The formation of relationships

Based on research evidence, many theories have been identified as to the reason why relationships form. The sociobiological theory, reinforcement and need satisfaction theory, and the field theory all offer explanations concerning the formation of interpersonal relationships. The sociobiological theory is the idea that the behaviours we observe are adaptive, and that adaptive behavior is one that promotes the survival of the individual and results in successful reproduction.

It is believed that humans form relationships in order to have healthy children with the ” best” genes, therefore the theory can be seen as viewing relationships from an evolutionary point of view. The idea of kin selection, a notion that survival of an individual’s genes is ensured by helping the survival of close relatives This theory can explain why generally healthier partners are sought. Evidence for this theory include Fellner and Marshall (1981) in which they found that that 86% of people were willing to be a kidney donor for their children, 67% would donate for their parents, and 50% would be a donor for their siblings.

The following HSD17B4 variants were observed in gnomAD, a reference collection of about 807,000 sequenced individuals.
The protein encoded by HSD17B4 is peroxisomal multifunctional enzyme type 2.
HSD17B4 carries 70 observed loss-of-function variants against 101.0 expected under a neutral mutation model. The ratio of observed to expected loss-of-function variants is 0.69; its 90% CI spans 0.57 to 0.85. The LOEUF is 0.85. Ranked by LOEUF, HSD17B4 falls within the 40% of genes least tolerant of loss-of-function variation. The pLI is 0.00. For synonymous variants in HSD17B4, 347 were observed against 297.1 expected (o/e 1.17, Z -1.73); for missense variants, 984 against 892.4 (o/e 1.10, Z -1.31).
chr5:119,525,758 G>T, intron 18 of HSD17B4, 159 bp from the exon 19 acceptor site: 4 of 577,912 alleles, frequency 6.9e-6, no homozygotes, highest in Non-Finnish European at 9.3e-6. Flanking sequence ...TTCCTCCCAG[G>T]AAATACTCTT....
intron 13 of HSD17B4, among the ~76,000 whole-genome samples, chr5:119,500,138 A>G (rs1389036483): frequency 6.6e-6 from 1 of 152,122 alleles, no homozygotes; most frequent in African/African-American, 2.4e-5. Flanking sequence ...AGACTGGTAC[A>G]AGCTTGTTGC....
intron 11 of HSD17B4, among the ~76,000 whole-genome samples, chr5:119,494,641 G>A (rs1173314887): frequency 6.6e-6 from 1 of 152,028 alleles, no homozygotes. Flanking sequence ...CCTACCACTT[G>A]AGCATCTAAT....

This theory can explain why people are inclined to be close to their family, however there are many negative criticisms. The sociobiological theory can not explain other relationships such as non-sexual relationships and homosexual relationships, where there is no intention to have children biologically. Sternberg and Grajek (1984) found that women love their best friend as much as their lover, and like their best friend more, an interpersonal relationship that the theory can not support.

Fellner et al. may have evidence that support the theory, however the fact that 86% of parents were willing to donate their kidney to their children, and not 100%, shows that not all parents are only wanting their genes to survive. The question that also arises is why do couples stay together, even after their children have grown older and are not reliant on them to survive. Technological advances have also ensured that women do not even need any physical contact with a man to have offspring.

The reinforcement and need satisfaction theory states that we enjoy the company of people who reward us, and dislike the people who punish us. Rewards can involve approval, smiling, status, money, sex and help. Foa and Foa (1975) say that these rewards satisfy our own social needs, for example being comforted satisfies our dependency needs and approval satisfies our self-esteem. Byrne (1971) argues that classical conditioning plays an important role of reinforcement.

He found that someone whose picture was present was more liked when the participants listened to someone expressing similar attitudes to their own. Rabbie and Horowitz (1960) found that strangers expressed greater liking for each other when they were successful in a game-like task, rather than if they were unsuccessful. However, there are discrepancies with the reinforcement and need satisfaction theory. Duck (1992) criticised Rabbie et al. as he argues that the study was based on a rather artificial ” bogus stranger” method.